At low-exposure energies, the negative resist remains completely soluble in the developer solution. As the exposure is increased above a threshold energy Et, more of the resist film remains after development. At exposures two or three times the threshold energy, very little of the resist film is dissolved. For positive resists, the resist solubility in its developer is finite even at zero-exposure energy. The solubility gradually increases until, at some threshold, it becomes completely soluble. These curves are affected by all the resist processing variables: initial resist thickness, prebake conditions, developer chemistry, developing time, and others
Ion Source - where ions of the desired element are produced. Accelerator - where the ions are electrostatically accelerated to a high energy. Target Chamber - where the ions impinge on a target. Ion Implanter Major Parts: Stopping power - described as the energy loss of the ion per unit path length of the ion. Annealing - needed to repair the lattice damage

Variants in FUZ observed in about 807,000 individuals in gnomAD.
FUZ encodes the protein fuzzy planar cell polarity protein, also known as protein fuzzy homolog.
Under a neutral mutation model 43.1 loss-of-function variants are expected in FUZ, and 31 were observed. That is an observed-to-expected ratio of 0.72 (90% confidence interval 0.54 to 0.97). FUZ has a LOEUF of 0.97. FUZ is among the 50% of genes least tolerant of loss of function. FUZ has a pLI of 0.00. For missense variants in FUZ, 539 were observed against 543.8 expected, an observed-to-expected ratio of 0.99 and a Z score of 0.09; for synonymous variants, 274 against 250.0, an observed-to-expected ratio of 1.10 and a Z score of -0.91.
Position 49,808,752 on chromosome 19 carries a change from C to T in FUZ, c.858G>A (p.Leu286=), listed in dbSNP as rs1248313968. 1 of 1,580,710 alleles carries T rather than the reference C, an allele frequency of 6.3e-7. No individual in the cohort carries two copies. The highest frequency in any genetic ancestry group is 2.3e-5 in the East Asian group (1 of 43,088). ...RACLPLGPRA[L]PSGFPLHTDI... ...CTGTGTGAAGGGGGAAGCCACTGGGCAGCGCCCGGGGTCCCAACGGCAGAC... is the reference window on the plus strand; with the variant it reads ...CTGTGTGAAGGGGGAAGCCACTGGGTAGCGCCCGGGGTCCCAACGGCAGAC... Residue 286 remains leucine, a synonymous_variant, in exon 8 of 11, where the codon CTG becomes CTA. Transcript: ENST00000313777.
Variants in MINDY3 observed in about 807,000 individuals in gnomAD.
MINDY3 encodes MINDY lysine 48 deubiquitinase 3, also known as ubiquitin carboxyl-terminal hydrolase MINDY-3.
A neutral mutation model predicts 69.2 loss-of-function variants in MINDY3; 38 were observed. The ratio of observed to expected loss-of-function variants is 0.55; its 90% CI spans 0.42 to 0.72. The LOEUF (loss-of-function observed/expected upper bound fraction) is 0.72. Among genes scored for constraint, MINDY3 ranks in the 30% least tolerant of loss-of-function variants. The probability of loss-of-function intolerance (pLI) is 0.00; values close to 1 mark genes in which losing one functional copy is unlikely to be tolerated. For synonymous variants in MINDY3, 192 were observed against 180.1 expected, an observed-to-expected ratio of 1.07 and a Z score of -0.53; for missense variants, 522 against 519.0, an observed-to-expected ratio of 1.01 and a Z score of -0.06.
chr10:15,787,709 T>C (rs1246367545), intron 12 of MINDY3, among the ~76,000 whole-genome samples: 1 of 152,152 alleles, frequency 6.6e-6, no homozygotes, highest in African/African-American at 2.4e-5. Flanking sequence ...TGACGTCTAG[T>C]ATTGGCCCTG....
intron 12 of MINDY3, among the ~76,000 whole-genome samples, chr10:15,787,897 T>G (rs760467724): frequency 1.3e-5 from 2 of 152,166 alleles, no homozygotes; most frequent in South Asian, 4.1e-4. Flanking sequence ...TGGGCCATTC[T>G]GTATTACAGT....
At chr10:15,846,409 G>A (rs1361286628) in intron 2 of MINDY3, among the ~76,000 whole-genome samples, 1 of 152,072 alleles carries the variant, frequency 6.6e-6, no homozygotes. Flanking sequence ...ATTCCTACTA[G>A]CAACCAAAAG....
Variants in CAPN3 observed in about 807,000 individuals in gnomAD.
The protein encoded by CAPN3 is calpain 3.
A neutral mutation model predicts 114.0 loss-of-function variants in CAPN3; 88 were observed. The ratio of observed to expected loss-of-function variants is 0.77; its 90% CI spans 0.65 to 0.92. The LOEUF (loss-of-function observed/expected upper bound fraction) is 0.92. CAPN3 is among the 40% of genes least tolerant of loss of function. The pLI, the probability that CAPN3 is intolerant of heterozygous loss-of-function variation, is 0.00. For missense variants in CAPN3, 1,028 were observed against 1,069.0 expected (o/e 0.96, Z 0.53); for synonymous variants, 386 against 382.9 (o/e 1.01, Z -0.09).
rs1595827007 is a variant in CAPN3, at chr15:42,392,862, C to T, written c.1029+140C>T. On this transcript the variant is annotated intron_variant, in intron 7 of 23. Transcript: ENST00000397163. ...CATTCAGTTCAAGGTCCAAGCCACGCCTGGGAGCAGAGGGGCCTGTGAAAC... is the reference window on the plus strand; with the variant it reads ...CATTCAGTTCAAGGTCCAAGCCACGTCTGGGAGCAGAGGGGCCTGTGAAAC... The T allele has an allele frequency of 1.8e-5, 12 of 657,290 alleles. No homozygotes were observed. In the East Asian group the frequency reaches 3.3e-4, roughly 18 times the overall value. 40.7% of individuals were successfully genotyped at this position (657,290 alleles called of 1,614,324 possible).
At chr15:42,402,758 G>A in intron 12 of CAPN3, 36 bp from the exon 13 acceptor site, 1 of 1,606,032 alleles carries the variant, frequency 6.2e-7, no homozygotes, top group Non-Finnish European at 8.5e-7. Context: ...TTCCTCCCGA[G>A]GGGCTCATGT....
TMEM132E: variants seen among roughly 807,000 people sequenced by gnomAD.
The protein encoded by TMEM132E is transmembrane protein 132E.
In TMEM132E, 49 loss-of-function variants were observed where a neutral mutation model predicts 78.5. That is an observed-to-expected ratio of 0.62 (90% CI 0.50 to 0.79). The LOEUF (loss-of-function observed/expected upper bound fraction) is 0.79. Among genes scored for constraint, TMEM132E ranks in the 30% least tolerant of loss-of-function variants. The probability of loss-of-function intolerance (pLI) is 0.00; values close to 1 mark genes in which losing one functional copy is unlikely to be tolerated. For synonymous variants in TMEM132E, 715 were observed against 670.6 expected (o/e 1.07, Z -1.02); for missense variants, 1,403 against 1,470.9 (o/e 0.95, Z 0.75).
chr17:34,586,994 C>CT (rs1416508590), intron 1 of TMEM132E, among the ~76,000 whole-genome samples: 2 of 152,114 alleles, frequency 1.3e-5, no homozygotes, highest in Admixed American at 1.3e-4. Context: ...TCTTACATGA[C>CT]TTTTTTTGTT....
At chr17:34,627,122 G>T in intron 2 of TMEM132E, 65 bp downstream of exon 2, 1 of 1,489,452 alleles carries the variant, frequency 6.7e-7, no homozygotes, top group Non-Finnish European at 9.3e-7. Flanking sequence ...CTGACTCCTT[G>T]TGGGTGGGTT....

the process wherein semiconductor devices are electrically tested while they are still in their lead frame strips (before they are singulated).
a relatively new test process that is not applicable to all semiconductor packages. This is because it inserts the test process even before the devices are sigulated wherein what usually happens is that the singulation occurs first before the test.
Benefits of Split Testing:
Solves the difficulties of handling very small packages after these have been singulated.
With this kind of test, significant reduction in test cycle time.